Osbourne Tower is a 16 storey tower block on Gladstone Road / Church Lane in the Nechells area Aston, Birmingham. Plans for the block were approved in 1965 and it was completed in 1966 by Wates. It is 47 metres tall,contains 92 flats and was near to the high rises of the Holte & Priory Estate by Spaghetti Junction.
In September 2011, Birmingham City Council stated their intention to demolish the tower within the next 5 years, as the tower no longer met modern standards for housing and had become uneconomical to maintain. The proximity of the tower block to the Aston Expressway (A38 Motorway) is also a major factor as it is deemed an eyesore and unwelcoming to any visitors to the city of Birmingham.This has been key in the destruction of hundreds of tower blocks across Birmingham as significant roads pass directly through the metropolis taking motorists to and from all corners of the country. With the tens of miles of elevated highways in Birmingham & The Black Country it was possible to see much further over the city landscape than at ground level. So although when the hundreds of tower blocks were first built next to the M6 & M5 motorways in the region their appearance looked modern, the many years of disrepair, lack of maintenance and bad stigma now associated with them led to a very grimey portrait of what Birmingham had to offer.At least 240 tower blocks were very visible when travelling on the M6 from Chelmsley Wood in the east of the region to Bloxwich on the north side. Approximately 90-100 tower blocks used to be visible on the M5 from Rubery and Frankley in the south-west of the region, all the way up to West Bromwich before the motorway joined the M6. Since the 1990s there has been a mass clearance of tower block estates in view of the motorways as well as all over the metropolis. Less than half of the tower blocks now remain in sight of motorists and tourists with approximately 100 in view on the stretch of M6 and approximately 50 in view on the stretch of M5. It has also coincided with a significant drop in levels of violent crimes in the particular areas of regeneration.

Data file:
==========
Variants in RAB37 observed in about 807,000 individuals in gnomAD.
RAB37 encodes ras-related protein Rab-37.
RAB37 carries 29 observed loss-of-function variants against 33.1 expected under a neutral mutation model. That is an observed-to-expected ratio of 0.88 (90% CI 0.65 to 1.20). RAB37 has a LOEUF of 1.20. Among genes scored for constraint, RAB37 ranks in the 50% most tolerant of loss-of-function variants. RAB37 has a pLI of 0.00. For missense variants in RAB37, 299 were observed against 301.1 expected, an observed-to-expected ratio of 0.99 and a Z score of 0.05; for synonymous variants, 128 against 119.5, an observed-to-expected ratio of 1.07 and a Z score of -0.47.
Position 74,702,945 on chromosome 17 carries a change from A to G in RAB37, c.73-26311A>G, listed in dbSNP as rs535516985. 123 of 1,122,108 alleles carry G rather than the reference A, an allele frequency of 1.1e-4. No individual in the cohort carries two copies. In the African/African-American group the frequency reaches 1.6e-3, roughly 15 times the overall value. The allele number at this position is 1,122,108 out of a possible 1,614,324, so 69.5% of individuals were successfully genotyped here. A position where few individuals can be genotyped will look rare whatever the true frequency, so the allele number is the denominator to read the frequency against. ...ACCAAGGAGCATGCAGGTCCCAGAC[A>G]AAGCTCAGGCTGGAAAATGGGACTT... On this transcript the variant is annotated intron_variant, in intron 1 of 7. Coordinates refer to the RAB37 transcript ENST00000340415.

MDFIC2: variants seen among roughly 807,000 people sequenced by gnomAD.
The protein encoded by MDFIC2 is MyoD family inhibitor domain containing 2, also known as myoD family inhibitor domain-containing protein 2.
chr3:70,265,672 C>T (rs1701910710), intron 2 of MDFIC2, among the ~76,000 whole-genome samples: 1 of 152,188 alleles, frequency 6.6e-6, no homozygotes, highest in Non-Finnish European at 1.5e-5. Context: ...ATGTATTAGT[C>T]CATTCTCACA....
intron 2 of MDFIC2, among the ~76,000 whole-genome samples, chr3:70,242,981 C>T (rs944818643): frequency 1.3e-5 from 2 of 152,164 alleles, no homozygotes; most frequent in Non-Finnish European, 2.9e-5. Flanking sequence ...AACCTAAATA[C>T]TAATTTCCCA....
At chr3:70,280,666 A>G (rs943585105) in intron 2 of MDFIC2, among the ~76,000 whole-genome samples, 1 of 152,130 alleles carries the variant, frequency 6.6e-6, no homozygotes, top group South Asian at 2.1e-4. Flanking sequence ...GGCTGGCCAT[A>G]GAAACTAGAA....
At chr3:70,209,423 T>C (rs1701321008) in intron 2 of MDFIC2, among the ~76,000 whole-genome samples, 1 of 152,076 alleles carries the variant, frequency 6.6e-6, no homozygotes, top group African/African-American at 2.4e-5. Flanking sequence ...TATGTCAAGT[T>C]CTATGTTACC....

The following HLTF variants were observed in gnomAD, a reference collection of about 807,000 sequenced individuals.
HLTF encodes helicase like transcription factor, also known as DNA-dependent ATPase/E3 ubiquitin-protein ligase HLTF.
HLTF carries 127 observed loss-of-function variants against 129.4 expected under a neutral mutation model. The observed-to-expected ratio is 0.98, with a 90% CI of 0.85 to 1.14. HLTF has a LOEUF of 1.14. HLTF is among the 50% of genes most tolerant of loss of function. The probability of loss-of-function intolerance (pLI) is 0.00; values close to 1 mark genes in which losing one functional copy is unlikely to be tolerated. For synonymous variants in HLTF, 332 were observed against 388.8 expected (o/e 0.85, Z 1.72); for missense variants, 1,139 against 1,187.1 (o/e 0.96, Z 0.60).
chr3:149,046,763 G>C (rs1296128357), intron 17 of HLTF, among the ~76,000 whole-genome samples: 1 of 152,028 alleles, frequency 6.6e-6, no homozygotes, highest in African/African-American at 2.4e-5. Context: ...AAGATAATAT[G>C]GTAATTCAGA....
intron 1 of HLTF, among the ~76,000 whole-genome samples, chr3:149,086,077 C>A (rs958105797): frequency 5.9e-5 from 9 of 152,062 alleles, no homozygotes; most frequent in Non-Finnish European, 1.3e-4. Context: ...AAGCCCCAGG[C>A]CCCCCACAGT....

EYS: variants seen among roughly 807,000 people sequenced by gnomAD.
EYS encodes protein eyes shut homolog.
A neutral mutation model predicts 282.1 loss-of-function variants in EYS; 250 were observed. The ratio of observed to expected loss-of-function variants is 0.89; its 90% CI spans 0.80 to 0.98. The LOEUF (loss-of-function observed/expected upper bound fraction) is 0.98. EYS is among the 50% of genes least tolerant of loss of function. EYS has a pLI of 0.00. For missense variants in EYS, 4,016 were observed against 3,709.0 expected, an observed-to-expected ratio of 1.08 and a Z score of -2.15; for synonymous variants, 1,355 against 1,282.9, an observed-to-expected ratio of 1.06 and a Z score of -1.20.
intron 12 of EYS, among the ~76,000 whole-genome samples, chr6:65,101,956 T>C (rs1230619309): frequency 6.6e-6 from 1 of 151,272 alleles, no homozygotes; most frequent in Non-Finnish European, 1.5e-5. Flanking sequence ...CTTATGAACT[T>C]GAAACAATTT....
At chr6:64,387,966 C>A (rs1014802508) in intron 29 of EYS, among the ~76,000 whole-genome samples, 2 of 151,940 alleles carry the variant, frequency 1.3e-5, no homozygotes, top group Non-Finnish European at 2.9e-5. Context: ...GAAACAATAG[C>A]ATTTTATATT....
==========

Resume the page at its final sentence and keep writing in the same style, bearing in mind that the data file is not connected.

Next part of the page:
The newest wave of demolition in Aston is part of a wider £26 million clearance scheme which will see a total of 8 tower blocks across the city demolished.